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Naomi Osaka loses to Angelique Kerber, near elimination at WTA Finals

AFP-JIJI, Reuters

World No. 4 Naomi Osaka hopes to find a remedy for her misfiring serve after a heartbreaking three-set defeat to Angelique Kerber, a result which puts her on the brink of elimination at the WTA Finals.

The U.S. Open champion fell to No. 1 seed Kerber 6-4, 5-7, 6-4 in 2 hours and 30 minutes at Singapore Indoor Stadium on Wednesday.

Winless Osaka can still qualify for the semifinals but will need to beat eighth seeded Kiki Bertens in her final round-robin match on Friday and rely on other results in red group to get through.

The hard-hitting Osaka struggled on serve throughout against Kerber and had a first serve percentage of 50 for the match, which plummeted to just 44 percent in the deciding set.

The rising superstar lamented her woes on serve.

“I feel like this match was sort of a continuation of my last match in a way. . . that I didn’t serve well,” she told reporters.

“I feel like I’m not really sure how that’s going wrong, and I want to practice it.

“In a way I’m proud of myself for being able to make the matches so close without really having a first serve.”

After rallying back in the second set, Osaka appeared to have the momentum in the third before fading against the experienced Kerber.

“I think in the third set I started hesitating, because I felt like if I went down the line . . . she would get it, and then maybe she would hit a running winner,” she said.

The 21-year-old clutched at her left hamstring on several occasions but said she would continue in the tournament.

“It doesn’t feel good. It’s nothing that concerning, I think,” she said.

“It’s the last tournament of the year, so of course I’m going to play my matches.”

In the late match, Sloane Stephens continued her dream debut at the eight-woman event when the American moved to the brink of the semifinals after she rallied for a 7-6 (7-4), 2-6, 6-3 victory over fellow tournament rookie Bertens.

The second match was a slow burner, with the crowd taking time to warm to the contest, as Stephens raced into a 3-0 lead before Bertens dragged herself back thanks to some clever changes of pace and direction.

Improved serving from both players ensured the opener went to a tiebreak and after Stephens staked another 3-0 lead, the American edged ahead on her third set point when Bertens sent a forehand into the tram lines.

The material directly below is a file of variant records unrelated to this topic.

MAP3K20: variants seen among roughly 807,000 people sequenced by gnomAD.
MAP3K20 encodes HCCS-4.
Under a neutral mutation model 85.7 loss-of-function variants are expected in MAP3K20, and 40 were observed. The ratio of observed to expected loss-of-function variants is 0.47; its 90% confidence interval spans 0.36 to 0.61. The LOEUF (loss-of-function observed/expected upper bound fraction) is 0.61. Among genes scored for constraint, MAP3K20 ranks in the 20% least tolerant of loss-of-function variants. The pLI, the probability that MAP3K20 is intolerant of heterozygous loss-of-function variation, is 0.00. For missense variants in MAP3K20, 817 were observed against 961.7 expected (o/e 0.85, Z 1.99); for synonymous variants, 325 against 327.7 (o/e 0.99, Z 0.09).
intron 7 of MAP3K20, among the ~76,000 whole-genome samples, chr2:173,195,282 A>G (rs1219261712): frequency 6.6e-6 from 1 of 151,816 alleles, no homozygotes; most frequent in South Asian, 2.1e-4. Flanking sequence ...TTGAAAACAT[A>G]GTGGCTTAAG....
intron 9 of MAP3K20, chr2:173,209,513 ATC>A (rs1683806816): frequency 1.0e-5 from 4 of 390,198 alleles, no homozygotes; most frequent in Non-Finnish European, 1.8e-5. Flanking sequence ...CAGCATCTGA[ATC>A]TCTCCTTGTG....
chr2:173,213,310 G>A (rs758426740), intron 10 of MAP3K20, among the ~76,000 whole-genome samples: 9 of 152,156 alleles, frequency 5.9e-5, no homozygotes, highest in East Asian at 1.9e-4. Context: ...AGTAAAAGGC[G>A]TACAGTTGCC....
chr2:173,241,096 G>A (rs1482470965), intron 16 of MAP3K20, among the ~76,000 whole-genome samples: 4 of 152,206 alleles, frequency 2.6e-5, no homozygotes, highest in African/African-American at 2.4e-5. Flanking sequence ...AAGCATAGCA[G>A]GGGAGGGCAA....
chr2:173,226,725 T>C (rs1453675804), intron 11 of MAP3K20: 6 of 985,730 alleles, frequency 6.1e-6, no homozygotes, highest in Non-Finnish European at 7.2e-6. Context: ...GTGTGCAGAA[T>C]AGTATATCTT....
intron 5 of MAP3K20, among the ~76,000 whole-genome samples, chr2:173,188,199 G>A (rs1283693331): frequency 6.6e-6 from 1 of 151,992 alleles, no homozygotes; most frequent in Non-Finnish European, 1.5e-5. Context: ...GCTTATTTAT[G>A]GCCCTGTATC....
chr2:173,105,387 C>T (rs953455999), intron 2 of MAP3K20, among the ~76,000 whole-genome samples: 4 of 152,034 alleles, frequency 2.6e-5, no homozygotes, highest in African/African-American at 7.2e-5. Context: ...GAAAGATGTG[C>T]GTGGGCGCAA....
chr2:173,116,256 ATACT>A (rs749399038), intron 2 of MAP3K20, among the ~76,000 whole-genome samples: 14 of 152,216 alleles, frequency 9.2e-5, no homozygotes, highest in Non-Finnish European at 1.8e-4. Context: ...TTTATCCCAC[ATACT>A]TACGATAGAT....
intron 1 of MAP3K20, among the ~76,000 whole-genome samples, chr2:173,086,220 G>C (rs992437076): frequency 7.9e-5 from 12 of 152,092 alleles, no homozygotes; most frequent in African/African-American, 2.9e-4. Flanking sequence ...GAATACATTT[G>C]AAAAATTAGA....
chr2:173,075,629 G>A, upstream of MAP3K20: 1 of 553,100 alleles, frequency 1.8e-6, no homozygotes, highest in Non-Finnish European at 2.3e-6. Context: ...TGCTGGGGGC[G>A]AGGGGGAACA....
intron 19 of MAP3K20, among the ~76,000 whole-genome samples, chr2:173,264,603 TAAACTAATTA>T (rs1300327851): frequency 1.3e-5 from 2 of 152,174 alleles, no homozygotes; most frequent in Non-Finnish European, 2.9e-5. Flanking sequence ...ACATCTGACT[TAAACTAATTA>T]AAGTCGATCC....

Bertens capitalized on a rapid drop in intensity from Stephens to reel off four games in a row on her way to taking the second set.

The Dutchwoman carried that momentum into the start of the decider, breaking to move 2-0 ahead, but Stephens finally awoke from her slumber after looking flat for a half a dozen games to reassert her authority and close out a memorable victory.

“I just tried my best from the very first point of the final set. It didn’t go my way immediately but I just kept battling and I’m really pleased to pull through,” Stephens said.

Dimitrov out early in Vienna

In Vienna, world No. 10 Grigor Dimitrov had his Vienna Open debut cut short by Mikhail Kukushkin on Wednesday, losing 6-4, 4-6, 6-4 to the experienced Kazakh in the opening round.

The Bulgarian third seed, playing only his third Tour match since a first-round exit at the U.S. Open, struggled to contain a tricky opponent who deservedly pocketed his first victory over a top-10 player for four years.

Eighth seed Kyle Edmund maintained his strong run of form as he battled past Argentina’s Diego Schwartzman in his opening match, three days after beating Gael Monfils to register his first ATP Tour title in Antwerp, Belgium.

The British player won 6-3, 7-6 (7-3) to set up a last-16 clash with Spanish veteran Fernando Verdasco, who scraped past Frenchman Pierre-Hugues Herbert after losing a first-set tiebreak the previous day.

Italian Fabio Fognini was bundled out in the second round in three sets by Hungary’s Marton Fucsovics, who now faces either Kukushkin or young Russian Andrey Rublev.

Another in-form Russian, Karen Khachanov, beat Austrian wildcard Dennis Novak 6-3, 7-5.